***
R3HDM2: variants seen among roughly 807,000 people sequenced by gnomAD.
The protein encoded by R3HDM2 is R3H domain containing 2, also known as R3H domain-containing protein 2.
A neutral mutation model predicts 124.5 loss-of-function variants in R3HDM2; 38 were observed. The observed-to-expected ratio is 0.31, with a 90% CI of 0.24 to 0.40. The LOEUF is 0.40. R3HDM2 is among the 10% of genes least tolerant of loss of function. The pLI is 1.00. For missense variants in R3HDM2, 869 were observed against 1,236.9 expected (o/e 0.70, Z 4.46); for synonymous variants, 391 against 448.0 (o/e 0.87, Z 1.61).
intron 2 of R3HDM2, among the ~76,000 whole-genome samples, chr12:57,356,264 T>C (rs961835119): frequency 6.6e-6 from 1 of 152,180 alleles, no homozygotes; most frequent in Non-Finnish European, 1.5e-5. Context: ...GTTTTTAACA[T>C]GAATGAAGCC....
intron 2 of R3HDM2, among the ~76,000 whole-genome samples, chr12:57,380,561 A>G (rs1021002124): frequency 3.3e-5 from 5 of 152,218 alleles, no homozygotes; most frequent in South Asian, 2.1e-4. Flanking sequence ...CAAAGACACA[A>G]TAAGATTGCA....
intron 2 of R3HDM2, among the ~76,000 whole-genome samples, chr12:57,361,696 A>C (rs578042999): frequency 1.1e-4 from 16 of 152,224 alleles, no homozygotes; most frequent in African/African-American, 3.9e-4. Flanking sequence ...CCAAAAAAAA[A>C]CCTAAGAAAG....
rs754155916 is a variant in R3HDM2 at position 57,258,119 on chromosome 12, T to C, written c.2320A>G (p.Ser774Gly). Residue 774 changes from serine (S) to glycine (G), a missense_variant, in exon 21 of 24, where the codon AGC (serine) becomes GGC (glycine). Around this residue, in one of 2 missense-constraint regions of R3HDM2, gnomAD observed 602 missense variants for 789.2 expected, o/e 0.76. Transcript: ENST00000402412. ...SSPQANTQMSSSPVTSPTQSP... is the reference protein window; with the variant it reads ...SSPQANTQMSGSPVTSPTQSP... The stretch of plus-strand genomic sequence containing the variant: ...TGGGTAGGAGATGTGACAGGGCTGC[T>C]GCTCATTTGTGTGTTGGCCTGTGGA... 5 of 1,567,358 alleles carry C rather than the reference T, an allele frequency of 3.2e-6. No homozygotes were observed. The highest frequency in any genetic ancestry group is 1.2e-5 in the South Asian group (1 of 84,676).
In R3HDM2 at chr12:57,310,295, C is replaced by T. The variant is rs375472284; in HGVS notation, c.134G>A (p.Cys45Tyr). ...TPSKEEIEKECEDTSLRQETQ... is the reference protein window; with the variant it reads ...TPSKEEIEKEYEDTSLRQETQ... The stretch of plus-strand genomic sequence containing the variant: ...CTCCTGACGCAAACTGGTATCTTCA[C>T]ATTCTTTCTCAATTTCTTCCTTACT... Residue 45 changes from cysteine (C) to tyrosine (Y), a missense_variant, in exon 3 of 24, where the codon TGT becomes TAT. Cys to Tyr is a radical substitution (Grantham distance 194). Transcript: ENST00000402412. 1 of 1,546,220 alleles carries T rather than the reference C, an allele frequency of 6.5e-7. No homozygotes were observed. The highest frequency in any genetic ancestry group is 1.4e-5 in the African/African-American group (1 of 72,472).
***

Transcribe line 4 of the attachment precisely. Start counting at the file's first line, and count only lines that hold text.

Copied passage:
intron 2 of R3HDM2, among the ~76,000 whole-genome samples, chr12:57,356,264 T>C (rs961835119): frequency 6.6e-6 from 1 of 152,180 alleles, no homozygotes; most frequent in Non-Finnish European, 1.5e-5. Context: ...GTTTTTAACA[T>C]GAATGAAGCC....